Nowhere are Karcher's extraordinary skills as both historian and literary critic more apparent than in her treatment of A Romance of the Republic, which she reads for its autobiographical resonances, its historical allusions, and its radical, but nonetheless racist, ideology. Karcher points out that while the work was "aimed at healing the national divisions caused by slavery, war and racial hatred," its "healing mission" was "personal as well as political," bringing "into harmony the dissonant phases of [Child's] life... reconcil[ing] her conflicting loyalties to men who had fulfilled different needs in her ... and merg[ing] her disparate selves ..." (511). In the novel these various reconciliations were embodied in two interracial marriages that served as Child's metaphor for the union of ethnic groups, classes, and cultures. But as Karcher poignantly acknowledges, Child's conception of an egalitarian marriage was severely compromised from the start, in part because she was unable to imagine a partnership free of the delibitating effects of patriarchy (her own marriage having failed her in this respect), in part because Child's understanding of racial equality depended upon cultural assimilation and thus remained "white-dominated" (527). Karcher makes the point effectively by comparing Child's plot to that of the African-American writer Frances Harper in Iola Leroy (1892). Where Child's octoroon protagonists, Rosa and Flora Royal, retain their racial identity as white women and marry white men in part to secure this identity, Harper's protagonist, Iola, rejects the "ambiguous assimilation that Child's Rose and Flora embrace, choosing instead to marry a man of her own race (and color) and to go South with him to teach the freedpeople" (527).

The last two decades of Child's life were filled with the deaths of close friends and associates (Louisa Loring, 1868, Charles Sumner, 1874, her husband David, 1874, William Lloyd Garrison, 1879), but Child continued her political activism by publishing articles on black suffrage, land redistribution, women's rights, and Indian rights in journals that included the Standard, Independent, Woman's Advocate, and the Woman's Journal. In Karcher's assessment, Child's commitment to racial and sexual equality never wavered. Unlike other women's rights advocates of the 1870s, Child did not give in to the backlash against Reconstruction and supported the Fifteenth and Sixteenth Amendments, even though these amendments did not have provisions for enfranchising white women. She opposed postbellum schemes to annex the Dominican Republic and Cuba as vehemently as she had refuted antebellum justifications for seizing Florida and northern Mexico. On class issues, however, Child was not among her generation's most progressive thinkers. She remained rooted in an antebellum view of labor, clinging to her "'faith in Association' as the ultimate solution to the conflict between capital and labor, rich and poor" (567). Thus she opposed legislation designed to protect workers' rights and to regulate working conditions.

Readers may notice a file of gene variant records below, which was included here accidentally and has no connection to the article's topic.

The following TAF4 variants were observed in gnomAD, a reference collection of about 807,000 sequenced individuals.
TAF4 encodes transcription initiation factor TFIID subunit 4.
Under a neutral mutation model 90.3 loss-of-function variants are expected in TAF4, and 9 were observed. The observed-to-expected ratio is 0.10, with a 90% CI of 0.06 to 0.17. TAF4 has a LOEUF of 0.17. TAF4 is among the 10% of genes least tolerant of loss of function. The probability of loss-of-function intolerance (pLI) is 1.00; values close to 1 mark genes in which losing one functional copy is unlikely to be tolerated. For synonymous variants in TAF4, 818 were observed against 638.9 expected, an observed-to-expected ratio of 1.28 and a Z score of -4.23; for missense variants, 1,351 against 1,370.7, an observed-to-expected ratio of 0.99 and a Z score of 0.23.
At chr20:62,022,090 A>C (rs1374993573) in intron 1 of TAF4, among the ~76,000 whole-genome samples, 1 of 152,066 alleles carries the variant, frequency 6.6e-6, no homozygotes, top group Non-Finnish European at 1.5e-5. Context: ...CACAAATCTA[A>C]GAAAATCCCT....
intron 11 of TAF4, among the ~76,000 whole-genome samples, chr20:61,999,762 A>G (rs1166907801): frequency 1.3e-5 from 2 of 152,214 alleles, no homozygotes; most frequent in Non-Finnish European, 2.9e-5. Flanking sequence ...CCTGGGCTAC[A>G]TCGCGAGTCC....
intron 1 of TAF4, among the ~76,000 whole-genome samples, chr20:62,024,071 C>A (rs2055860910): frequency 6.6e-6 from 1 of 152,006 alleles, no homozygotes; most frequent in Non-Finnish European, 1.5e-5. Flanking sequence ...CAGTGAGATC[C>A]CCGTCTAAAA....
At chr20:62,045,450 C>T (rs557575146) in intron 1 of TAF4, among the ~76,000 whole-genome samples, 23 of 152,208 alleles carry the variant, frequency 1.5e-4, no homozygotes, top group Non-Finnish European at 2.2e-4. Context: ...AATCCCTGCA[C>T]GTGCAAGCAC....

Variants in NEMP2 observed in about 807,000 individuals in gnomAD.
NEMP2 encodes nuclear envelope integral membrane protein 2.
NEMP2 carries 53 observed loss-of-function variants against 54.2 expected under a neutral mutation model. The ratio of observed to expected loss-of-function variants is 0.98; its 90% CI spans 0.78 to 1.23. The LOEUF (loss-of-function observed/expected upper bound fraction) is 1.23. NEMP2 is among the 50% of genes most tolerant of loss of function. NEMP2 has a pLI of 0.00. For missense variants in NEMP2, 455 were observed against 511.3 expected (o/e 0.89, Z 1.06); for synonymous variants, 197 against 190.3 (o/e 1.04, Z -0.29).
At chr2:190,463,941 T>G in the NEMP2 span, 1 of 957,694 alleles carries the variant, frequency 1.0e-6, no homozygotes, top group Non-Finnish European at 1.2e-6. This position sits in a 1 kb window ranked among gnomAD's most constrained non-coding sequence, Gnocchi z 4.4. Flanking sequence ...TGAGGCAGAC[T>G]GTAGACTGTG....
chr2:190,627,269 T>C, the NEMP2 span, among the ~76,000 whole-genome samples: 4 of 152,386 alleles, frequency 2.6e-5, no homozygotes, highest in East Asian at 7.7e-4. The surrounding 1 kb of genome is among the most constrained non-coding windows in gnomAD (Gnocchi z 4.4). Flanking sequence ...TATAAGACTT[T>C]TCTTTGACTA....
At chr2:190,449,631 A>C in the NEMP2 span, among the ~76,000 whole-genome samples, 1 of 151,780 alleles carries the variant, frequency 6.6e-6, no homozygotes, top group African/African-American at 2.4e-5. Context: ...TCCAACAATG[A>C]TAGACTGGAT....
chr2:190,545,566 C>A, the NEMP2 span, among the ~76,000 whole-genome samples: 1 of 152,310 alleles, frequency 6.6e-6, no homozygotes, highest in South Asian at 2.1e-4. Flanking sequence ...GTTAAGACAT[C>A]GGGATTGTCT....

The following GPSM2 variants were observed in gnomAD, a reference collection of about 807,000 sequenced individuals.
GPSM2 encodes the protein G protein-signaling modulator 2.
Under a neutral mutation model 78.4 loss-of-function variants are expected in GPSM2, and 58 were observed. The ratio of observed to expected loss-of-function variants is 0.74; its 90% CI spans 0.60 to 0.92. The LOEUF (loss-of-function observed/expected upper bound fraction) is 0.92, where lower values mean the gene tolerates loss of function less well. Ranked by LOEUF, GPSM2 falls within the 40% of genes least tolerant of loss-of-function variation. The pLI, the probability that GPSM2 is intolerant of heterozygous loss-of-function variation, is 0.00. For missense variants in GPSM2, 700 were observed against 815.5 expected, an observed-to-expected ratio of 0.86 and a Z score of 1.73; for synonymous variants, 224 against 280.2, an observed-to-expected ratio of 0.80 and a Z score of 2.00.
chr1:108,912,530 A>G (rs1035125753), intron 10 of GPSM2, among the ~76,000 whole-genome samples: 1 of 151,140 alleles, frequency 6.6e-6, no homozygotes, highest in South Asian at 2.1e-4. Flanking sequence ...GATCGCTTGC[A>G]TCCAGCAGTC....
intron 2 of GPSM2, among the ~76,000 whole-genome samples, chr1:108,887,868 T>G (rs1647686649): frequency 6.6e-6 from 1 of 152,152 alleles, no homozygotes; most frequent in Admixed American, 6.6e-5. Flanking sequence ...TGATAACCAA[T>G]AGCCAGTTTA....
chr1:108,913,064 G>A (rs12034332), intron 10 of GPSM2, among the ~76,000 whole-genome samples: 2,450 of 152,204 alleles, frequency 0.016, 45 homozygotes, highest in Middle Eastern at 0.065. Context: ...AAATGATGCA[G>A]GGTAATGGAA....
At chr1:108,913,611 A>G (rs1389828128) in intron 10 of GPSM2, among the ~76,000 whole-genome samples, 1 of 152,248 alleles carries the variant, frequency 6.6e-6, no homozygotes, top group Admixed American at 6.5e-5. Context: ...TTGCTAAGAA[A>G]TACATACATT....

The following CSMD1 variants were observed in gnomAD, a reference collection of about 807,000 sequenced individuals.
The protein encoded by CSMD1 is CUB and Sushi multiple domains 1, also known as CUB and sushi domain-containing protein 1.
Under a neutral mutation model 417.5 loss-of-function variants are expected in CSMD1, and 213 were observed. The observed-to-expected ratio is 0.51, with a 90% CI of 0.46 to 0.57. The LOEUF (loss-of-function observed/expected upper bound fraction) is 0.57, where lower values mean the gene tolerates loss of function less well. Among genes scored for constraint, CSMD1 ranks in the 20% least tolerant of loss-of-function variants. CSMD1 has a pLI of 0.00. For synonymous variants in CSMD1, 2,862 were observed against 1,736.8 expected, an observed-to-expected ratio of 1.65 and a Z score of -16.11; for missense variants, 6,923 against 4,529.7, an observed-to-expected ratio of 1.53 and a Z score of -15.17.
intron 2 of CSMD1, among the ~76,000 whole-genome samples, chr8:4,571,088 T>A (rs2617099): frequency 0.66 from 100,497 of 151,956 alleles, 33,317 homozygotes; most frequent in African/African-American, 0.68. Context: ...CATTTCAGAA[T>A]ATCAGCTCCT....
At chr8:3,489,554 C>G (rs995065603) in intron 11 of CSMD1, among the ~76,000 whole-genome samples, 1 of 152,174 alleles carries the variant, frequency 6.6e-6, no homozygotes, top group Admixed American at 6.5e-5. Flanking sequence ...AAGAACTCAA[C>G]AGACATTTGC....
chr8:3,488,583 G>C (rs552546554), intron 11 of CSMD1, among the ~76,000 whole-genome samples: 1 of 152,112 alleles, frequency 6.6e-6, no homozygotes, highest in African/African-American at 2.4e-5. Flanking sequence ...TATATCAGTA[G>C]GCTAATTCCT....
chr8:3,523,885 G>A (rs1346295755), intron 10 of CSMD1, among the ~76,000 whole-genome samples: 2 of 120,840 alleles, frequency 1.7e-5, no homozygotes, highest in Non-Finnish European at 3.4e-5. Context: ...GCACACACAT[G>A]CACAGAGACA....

For Karcher, Lydia Maria Child's example poses a challenge to scholars' "persistent identification of women writers with sentimentalism," (609) and enables us to explore the tensions that existed in bourgeois women's rights ideology. Unlike some of her contemporaries, Child was overtly ambitious, desirous of literary fame, intent on reshaping political discourse, and unafraid to criticize her society's racial and sexual hierarchies. In her struggle to reconcile her desire for a comfortable domesticity and an unconventional career, Child's life illuminates a struggle still relevant for millions of U.S. women today.

Despite its great strengths, this book may have trouble finding an appreciative audience. Critics on the right may be offended by Karcher's unconventional methodology and her insistence that Child's ideology be assessed from the vantage point of current racial theory. Critics on the left may feel that Karcher pushes too hard to identify a "subversive art" (609) in admittedly bourgeois writing. My own concern is that white feminists, to whom this biography is so clearly addressed, will assume that, because we can critique the class and cultural ethnocentrism of Child'sviews, we have moved beyond the tradition that she so centrally embodies. But perhaps the greater worry is not that this biography will be misread, but that it will not be read at all -- and the significance of Child's life pass unnoticed.